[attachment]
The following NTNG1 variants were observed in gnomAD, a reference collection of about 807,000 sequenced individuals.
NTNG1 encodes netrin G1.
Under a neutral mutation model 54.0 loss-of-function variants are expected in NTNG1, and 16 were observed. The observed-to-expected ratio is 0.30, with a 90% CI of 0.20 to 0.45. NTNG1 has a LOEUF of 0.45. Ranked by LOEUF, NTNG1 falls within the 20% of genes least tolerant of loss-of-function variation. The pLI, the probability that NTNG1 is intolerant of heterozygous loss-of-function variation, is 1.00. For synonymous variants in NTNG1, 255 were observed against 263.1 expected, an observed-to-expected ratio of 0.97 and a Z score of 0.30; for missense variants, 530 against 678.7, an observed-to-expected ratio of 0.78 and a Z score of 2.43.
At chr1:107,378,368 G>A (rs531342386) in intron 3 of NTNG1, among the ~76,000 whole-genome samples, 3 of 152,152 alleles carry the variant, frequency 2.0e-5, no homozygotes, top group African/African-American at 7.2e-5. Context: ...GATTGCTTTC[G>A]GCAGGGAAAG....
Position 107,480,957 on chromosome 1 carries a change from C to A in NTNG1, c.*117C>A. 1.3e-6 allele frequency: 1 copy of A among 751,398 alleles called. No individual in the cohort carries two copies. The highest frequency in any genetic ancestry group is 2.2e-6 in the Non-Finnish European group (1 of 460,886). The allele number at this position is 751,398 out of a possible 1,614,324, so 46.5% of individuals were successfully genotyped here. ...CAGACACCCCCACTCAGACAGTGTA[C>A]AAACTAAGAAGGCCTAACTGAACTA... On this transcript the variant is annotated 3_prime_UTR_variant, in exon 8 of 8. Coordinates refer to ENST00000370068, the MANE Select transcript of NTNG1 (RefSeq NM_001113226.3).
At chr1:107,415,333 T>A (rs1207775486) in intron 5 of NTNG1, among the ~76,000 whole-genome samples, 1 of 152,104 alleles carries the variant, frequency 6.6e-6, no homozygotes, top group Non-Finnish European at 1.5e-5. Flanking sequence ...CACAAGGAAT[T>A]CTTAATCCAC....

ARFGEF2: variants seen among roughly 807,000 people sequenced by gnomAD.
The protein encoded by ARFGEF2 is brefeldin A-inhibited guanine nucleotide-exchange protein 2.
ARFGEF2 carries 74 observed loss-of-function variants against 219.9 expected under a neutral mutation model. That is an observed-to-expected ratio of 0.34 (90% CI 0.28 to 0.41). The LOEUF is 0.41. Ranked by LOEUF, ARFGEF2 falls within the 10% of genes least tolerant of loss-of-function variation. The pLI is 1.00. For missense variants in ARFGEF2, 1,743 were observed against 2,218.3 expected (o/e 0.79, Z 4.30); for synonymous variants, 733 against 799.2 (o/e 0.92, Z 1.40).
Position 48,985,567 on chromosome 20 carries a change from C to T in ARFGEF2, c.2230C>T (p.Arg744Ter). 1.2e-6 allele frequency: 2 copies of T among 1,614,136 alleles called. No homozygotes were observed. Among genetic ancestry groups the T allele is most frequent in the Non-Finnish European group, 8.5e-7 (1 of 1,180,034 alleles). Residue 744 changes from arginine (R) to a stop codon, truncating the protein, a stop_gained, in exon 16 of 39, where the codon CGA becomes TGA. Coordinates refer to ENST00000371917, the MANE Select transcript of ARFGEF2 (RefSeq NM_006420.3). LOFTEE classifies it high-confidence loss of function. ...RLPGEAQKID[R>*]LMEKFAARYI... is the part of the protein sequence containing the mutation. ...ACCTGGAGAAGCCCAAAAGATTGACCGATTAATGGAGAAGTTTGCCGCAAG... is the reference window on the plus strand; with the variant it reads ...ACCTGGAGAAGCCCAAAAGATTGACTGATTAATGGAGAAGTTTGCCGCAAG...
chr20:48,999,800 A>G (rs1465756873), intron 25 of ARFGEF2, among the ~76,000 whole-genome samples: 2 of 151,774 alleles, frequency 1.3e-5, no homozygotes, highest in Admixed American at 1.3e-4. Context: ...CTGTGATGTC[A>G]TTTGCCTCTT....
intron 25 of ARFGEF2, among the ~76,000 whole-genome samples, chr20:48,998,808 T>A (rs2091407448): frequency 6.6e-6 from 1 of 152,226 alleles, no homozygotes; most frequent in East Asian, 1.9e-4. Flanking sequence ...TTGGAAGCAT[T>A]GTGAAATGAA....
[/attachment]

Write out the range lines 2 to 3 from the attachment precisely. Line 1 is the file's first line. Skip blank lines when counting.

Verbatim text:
NTNG1 encodes netrin G1.
Under a neutral mutation model 54.0 loss-of-function variants are expected in NTNG1, and 16 were observed. The observed-to-expected ratio is 0.30, with a 90% CI of 0.20 to 0.45. NTNG1 has a LOEUF of 0.45. Ranked by LOEUF, NTNG1 falls within the 20% of genes least tolerant of loss-of-function variation. The pLI, the probability that NTNG1 is intolerant of heterozygous loss-of-function variation, is 1.00. For synonymous variants in NTNG1, 255 were observed against 263.1 expected, an observed-to-expected ratio of 0.97 and a Z score of 0.30; for missense variants, 530 against 678.7, an observed-to-expected ratio of 0.78 and a Z score of 2.43.